When Hank was released, he was in danger of following that same path – called a cluster effect. A suicide cluster is a group of suicides, suicide attempts, or self-harm events that occur closer together in time and space than would not normally be expected in a given community.
What saved him – was football. He was given another scholarship, this time to a Division II school. While there, he was the 20th recipient of the prestigious Disney Sports Spirit Award.
Hank still has some aftereffects from his time in the service. He has 80% disability due to nerve damage in his arm from an injury plus PTSD. He is currently married with two children (ages 2 and 4) and is working in a sports management company called Player’s Health. It’s a tech start up and although he didn’t know it when he was hired, his boss is a veteran also.
You’re used to being a part of a team,” he told us. “You learn how to take direction. You learn to admit your mistakes when you make them and move on.”
Max – Iraq and Afghanistan Veteran – Army Sergeant – 3 tours in Iraq – Afghanistan contractor
Max enlisted right out of HS because of 9/11. He was 18 and served for seven years achieving the rank of Sergeant and completing three tours in Iraq. After release from the Army, he spent an additional two and a half years in Afghanistan as a contractor in intelligence and counterintelligence. After his time in Afghanistan, he was an intelligence instructor. He enlisted originally with a group of 30, all of whom were married at the time. Today, just two or three of the couples are still married. His own marriage ended in divorce and with undiagnosed PTSD as he was drinking a half bottle of vodka per night. He sought help – which wasn’t helpful until he found a psychologist who was also a veteran.
“It’s hard for non-veterans to understand the stress of keeping a team of 30 people alive and being responsible for 10 million dollars in highly specialized equipment. Non-veterans don’t understand the incredible (drug free) high of being in a firefight and coming out alive.” After release from the service, some veterans keep chasing that high with either drugs and alcohol, or risky behavior. One of Max’s friends went to Africa to protect animals from poachers – another dangerous job. “You get programmed to dehumanize the enemy so you can kill them. You don’t get unprogrammed when you’re out. You have to do it on your own,” said Max.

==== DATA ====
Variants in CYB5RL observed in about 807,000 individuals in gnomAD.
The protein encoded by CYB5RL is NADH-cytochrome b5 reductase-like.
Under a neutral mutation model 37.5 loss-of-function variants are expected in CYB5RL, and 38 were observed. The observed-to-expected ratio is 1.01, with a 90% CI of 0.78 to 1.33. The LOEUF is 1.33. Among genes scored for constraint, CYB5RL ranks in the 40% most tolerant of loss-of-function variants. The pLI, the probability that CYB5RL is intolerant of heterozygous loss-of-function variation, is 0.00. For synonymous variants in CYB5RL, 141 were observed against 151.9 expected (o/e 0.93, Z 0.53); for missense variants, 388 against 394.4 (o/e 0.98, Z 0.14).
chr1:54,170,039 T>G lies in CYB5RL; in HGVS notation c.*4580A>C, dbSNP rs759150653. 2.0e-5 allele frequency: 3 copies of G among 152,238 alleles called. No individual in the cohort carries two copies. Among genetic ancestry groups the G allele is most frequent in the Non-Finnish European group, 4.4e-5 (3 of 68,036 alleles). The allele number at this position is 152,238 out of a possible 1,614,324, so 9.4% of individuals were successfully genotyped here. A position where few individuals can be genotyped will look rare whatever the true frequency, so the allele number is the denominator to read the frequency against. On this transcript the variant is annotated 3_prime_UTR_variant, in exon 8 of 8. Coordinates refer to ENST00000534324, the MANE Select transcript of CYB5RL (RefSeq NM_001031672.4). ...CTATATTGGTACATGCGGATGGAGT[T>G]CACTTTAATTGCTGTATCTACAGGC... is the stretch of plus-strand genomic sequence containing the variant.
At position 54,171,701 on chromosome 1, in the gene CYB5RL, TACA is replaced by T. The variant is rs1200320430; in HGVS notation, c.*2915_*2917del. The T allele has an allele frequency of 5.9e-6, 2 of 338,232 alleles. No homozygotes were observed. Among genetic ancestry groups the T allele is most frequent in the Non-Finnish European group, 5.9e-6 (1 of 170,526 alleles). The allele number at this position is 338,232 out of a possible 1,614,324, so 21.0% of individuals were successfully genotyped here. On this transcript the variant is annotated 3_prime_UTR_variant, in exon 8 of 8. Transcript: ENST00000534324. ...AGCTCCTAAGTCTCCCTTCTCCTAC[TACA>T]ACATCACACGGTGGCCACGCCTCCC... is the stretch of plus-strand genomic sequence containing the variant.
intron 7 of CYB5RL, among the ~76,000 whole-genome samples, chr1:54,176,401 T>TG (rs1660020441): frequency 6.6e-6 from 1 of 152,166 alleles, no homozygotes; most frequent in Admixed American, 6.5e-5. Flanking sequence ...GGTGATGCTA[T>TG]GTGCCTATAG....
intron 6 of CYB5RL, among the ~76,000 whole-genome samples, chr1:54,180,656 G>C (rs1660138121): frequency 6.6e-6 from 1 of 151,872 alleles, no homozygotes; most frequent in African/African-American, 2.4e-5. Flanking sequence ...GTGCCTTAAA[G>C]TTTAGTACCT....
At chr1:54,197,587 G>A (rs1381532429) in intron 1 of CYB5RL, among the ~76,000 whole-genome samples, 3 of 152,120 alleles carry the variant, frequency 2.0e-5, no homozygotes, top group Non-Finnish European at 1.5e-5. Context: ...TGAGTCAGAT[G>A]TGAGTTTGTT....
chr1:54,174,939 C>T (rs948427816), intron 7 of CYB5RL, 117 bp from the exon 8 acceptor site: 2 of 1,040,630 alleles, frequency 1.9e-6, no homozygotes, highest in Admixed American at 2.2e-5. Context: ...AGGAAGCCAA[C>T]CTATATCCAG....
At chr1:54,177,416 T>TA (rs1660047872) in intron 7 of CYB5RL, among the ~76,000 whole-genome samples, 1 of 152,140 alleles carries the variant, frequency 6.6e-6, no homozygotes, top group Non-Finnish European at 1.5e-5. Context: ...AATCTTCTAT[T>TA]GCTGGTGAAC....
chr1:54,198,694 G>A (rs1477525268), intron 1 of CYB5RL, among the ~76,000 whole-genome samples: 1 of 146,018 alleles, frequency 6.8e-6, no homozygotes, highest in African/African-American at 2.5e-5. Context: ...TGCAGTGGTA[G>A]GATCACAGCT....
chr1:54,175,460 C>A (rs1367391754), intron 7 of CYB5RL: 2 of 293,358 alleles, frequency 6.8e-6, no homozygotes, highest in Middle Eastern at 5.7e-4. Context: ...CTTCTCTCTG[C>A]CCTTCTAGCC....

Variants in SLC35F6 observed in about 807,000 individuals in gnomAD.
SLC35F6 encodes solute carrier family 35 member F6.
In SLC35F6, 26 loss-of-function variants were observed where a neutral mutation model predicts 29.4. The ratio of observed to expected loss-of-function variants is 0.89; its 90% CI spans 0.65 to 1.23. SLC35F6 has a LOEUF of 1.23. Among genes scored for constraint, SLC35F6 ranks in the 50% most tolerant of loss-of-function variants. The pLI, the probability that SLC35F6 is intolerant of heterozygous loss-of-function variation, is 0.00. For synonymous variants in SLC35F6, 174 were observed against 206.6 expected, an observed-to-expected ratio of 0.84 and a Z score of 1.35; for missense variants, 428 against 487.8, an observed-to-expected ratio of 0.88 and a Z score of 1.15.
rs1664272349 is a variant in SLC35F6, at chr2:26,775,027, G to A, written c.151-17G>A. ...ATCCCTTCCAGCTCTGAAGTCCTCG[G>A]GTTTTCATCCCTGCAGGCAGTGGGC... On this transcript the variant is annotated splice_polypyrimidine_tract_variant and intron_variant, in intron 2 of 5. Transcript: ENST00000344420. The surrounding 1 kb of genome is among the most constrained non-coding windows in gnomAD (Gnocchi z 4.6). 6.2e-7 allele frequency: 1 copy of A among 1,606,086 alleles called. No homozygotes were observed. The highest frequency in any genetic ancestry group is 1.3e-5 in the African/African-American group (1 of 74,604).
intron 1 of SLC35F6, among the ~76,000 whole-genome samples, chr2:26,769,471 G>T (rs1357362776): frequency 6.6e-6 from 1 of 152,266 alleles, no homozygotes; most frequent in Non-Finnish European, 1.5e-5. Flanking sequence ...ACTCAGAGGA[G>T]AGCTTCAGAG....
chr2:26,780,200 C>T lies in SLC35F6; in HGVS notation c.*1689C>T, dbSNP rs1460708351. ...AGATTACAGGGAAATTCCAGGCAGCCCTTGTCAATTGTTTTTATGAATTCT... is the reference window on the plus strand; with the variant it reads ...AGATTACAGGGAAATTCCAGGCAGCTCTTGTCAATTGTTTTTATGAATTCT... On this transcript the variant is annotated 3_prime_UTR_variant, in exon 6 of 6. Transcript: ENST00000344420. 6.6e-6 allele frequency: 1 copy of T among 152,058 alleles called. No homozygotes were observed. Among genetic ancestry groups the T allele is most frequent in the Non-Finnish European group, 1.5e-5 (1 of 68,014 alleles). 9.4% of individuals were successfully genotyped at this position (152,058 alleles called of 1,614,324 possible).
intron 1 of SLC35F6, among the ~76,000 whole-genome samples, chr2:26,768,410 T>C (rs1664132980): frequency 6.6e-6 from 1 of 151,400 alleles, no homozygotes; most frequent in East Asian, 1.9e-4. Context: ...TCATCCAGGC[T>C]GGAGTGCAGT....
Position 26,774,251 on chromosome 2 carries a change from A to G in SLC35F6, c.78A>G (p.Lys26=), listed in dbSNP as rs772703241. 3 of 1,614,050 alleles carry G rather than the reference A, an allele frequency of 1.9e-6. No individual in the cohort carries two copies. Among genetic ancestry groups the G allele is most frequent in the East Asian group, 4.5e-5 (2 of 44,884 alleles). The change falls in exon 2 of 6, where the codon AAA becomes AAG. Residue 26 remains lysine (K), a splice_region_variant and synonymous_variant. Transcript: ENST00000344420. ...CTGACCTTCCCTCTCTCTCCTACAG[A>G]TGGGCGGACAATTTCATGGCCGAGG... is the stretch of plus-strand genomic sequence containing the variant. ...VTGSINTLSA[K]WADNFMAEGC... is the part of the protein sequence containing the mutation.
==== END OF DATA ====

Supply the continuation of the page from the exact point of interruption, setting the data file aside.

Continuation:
Unlike World War II and Vietnam, during Operation Iraqi Freedom (OIF) and Operation Enduring Freedom (OEF), “the volunteers were at war and America was at the mall.” The difference between this generation and earlier ones, is that there is earlier help for PTSD diagnosis and treatment.
War changes you. You learn to own your mistakes and move on. I don’t have a problem with rules – I lived under them for years. I don’t get stressed out if I’m asked to come into the office three days per week – I say “fine.” I was taught to think outside the box to problem solve. I can manage different types of people – after all – I dealt with Afghan war lords. And I was in charge of the lives of 30 other people under my command. I can handle responsibility.”
Lessons Learned about Veterans’ Relationship with Management
- Veterans have experience working towards a common goal, this makes them exceptional team players.
- Bootcamp, training and deployments have given veterans experience working together in difficult circumstances, they have proven they can handle just about any situation.
- Service has given veterans perspective and the ability to maintain composure under stressful situations.
- The training veterans received was top-notch and prepared them to serve but also gave them transferable skills they can use on your team.
- Working with people from all walks of life, and sometimes from all over the globe, gives veterans experience working with diverse populations.
- Veterans take direction well and strong work ethic, so you can count on them in the long term.
Spectra Diversity would like to thank these veterans for their service – and for being wiling to share their stories with us. Hire a veteran if you can. It’s a good move for both your organization and the veteran!